I've recently received a grant to teach English in Vietnam for a year. I don't know what city I'll be placed in yet, but it will definitely be a big-ish one as I'll be teaching at a university. I am so thrilled to be moving, and have always been in love with Vietnam from afar, but I worry that I'll have a hard time making friends!
I'm a fairly outgoing 24 year old American with poor but improving skill in Vietnamese, and while I suppose it would be nice to make friends who also speak English, I'm more interested in meeting and making friends with young Vietnamese people, who can help me understand the charms of their city and practice their language.
If it were a new city in the U.S. I might take a pottery class or join a gym, but I just don't know how people meet each other in other countries (obviously, I'm pretty green to travel).
So what do you recommend? How do I avoid becoming the lonely tay?
#1 KatieK has been a member since 29/5/2012. Posts: 1
Vietnam is one country where it's difficult to really feel lonely. Why, because this country is full of very outgoing people. The Vietnamese are sort of noisy by Western standards. They ask you your age, salary, marital status (most everything except gender preference!) I think you will love it here.
Vietnam is not as pretty as the pictures. Pollution is everywhere, and poverty is widespread. The thing that is outstanding in this country are it's people. I encourage you to read as much as you can about VN before you come. Know it's problems as well as it's finer points - I think this will help you to understand your adopted country. One thing is for sure, VN is a country of constant change. Travelfish is a great place to start your VN education.
You will never feel lonely when you are here in Vietnam. You can find friends everywhere at work or at sight seeing spots. I would suggest that you should make friends with some young students who would like to exchange their language skill with foreigners,they are very excited to have friends like you in their country.In Hanoi you can get this easily through Hanoi Kids: http://hanoikids.org/index/
Hope you feel better and be ready for your trip of lifetime!!!!!!!!!!
Pls let me know if you should need any further info about Vietnam.
#4 haitranxuan has been a member since 18/7/2011. Posts: 5
Feeling lonely in Vietnam? Are you KIDDING me? Especially for white female Westerner. I do not think she will be alone in the 4th day she lands in Vietnam. Good Vietnamese friends mostly come from..STUDENTS. They are eager to practice their English and with their national friendship nature, I do not think you will be lonely in Vietnam. Some Western man came by himself to Vietnam and the first few mornings he had his coffee at...any shop around the corner, then he found out he got Vietnamese friends at the end of his first week there. Some even married and wanted to stay in Vietnam. You must be kidding me. Cheer! I love Vietnamese people and her hospitality. From " White Polar Bear of the North Pole-Canada-"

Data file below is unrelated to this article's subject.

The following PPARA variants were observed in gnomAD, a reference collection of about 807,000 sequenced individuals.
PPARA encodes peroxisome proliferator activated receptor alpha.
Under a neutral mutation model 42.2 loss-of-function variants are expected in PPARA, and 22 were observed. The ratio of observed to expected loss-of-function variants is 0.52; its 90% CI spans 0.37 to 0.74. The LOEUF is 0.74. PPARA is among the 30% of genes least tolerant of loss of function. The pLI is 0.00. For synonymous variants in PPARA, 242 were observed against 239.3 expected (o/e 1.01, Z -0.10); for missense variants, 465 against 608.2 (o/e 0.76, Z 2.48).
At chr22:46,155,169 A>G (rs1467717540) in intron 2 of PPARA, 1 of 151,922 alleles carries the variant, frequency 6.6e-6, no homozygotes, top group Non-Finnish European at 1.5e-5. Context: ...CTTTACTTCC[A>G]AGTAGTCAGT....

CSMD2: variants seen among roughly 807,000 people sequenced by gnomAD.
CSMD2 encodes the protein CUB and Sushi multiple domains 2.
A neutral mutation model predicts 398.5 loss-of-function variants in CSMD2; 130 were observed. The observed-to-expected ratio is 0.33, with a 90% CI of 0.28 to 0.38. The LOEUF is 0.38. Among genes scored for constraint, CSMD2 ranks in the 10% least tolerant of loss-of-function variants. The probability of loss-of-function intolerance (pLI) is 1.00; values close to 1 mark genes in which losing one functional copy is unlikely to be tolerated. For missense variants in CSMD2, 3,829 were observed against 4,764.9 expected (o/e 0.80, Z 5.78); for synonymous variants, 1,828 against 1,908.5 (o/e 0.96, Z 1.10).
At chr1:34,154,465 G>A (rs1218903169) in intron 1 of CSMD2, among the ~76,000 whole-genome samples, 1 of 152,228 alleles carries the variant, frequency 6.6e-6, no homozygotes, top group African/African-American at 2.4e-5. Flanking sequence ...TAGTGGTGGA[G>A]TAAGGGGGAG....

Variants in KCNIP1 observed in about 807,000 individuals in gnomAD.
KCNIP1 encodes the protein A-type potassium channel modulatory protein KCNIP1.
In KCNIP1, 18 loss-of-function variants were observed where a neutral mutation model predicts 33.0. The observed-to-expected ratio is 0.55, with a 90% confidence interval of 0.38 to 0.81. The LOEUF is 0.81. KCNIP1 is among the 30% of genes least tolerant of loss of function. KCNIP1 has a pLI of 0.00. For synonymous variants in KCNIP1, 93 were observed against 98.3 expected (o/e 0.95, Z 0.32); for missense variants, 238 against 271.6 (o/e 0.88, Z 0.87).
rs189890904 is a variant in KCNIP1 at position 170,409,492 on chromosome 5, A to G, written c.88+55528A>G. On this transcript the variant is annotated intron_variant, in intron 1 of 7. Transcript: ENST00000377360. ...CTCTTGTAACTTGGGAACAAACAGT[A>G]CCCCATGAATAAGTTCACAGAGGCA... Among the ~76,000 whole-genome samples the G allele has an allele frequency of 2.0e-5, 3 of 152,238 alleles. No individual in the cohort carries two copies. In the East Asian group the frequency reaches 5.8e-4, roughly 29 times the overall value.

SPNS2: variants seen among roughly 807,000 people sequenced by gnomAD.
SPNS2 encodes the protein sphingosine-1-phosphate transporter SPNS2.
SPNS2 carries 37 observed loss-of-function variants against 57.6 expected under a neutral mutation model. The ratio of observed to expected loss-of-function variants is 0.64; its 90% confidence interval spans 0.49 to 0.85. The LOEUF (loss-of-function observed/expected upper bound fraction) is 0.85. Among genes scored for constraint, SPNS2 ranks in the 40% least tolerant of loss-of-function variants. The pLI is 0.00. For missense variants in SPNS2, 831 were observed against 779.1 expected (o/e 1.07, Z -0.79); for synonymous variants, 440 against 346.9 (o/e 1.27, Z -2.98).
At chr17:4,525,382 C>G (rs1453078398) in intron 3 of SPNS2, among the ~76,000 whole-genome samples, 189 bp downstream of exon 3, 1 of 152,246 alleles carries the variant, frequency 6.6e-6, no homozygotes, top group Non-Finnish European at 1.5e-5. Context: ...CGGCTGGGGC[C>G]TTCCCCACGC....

#5 Randy has been a member since 3/2/2011. Posts: 28
"I'm a fairly outgoing 24 year old American with poor but improving skill in Vietnamese, and while I suppose it would be nice to make friends who also speak English, I'm more interested in meeting and making friends with young Vietnamese people, who can help me understand the charms of their city and practice their language."
Your attitude is already so positive, I don't see how you can go wrong. Don't let the tough ass Vietnamese get you down. As you can see from many people who have posted here on Travelfish, there are plenty of nice people in Vietnam. I know a number of them. If you are a salsera by chance, there are decent dance scenes in both Saigon and Hanoi (and I hear a budding one in Hoi An). Others above gave some good advice. Have a great trip.
Hi Kattie, don't worry about being lonely and getting boring in Vietnam. You'll easy to find many friendly and excited people, especially young people. Let's make some Vietnamese friends online so they can help you in advicing, consulting and talking about anything you want to know about Vietnam.
Just feel free to contact me via email: firstname.lastname@example.org
Wish you have a good time in Vietnam.
#7 aney has been a member since 31/5/2012. Posts: 8
Like everyone else said, the Vietnamese are super-friendly, you won't have a problem. You are guaranteed to meet friends through work/ flat share and if all that fails, then why not try setting up a language exchange with a local your age. You could meet once a week for coffee, you teach them English for half an hour say and he teaches you Vietnamese for the other half. I have met lots of people this way on my travels and you also get to learn a language.
All the best,
#8 jennysjourney has been a member since 13/9/2012. Posts: 2